During a period in which Fred Rowe felt the financial burden of the Leader was going to force him to close the paper, Rowe shared with his readers his depression, then elation, when responses came to aid Rowe’s financial straits.  Rowe spoke of a letter he had sent to T. Q. Martin in which he poured out his worries.  Martin responded with a letter pledging his loyalty and devotion to assist in whatever way he could.  Rowe then said, "But Bro. Martin is a poor man - he has no money.  What can he do for me?  Well listen, Bro. Martin is a man of God." (Rowe, Sorrow, 7).  Rowe confessed, “Sometimes in our earthly planning we forget about God.  ‘Man proposes but God disposes.’” Along with his promise, Martin sent in 50 cash subscriptions to the paper from individuals in McMinnville, Tennessee.  In addition, a check for $200 arrived from a woman in California who “had been wanting to do something for the Leader for a long time.”  Rowe concluded, “And when a man of God gets into action, the favor of Almighty God is with him.” (Ibid.).
fred rowe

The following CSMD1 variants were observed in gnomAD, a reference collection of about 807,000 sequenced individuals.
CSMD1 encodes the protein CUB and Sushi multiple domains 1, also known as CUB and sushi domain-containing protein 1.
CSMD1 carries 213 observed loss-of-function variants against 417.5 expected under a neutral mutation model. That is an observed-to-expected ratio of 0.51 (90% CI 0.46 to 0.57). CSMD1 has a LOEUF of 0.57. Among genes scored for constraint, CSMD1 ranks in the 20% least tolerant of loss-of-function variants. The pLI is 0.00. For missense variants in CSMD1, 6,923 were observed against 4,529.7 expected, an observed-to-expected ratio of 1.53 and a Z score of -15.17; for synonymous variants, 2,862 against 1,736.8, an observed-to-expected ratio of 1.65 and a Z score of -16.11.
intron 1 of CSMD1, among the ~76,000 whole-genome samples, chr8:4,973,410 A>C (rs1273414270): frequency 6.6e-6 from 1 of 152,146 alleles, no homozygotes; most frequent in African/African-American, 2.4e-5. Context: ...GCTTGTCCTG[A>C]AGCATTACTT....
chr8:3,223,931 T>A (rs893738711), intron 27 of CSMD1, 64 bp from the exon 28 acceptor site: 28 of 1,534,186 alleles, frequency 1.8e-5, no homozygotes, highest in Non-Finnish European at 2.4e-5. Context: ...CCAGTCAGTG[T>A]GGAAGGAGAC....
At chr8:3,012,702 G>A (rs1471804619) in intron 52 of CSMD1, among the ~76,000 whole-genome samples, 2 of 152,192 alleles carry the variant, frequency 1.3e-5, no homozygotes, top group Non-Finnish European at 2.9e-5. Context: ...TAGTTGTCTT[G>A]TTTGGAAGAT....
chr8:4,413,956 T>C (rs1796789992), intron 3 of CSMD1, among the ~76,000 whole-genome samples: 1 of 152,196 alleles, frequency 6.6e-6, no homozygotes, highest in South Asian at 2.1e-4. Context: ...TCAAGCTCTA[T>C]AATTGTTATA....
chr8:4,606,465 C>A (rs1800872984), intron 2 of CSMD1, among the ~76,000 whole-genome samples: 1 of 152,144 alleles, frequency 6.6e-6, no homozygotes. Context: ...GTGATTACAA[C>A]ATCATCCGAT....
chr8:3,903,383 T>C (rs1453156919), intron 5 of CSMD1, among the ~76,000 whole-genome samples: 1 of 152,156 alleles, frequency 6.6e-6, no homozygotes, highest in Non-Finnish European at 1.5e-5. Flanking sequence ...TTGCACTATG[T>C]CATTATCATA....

Prayer was the vital link for individuals with a such a high view of providence.  It also was a vital ingredient for growth and success in living the Christian life for J. W. Shepherd.  When Christians failed in their life and work it could be attributed to a neglect of prayer (Jas. 4:2).  The remedy was to “lead a life of prayer.”  Shepherd pointed to the examples of David and Daniel as those who had made a habit of prayer (Ps. 55:17; Dan. 6:10).  Shepherd spoke of praying while engaged in the day’s activities, like Nehemiah (Neh. 2:5) but he also recommended fixed times of prayer to meet privately with the Father (Mt. 6:6).  Shepherd said that prayer was the place for being prepared for spiritual battle:  "The reason why so many people fail in battle is because they wait till the battle is on before they think of making preparations for it.  The reason why others succeed is because they have gained the victory on their knees long before the battle was on." (Shepherd, Prayer, 9).  This was the difference between Jesus’ victory on the cross and the disciples who abandoned him (Lk. 22:40; Mt. 26:56).  And Shepherd believed it to be the difference for modern Christians as they faced life’s daily temptations. (Ibid.).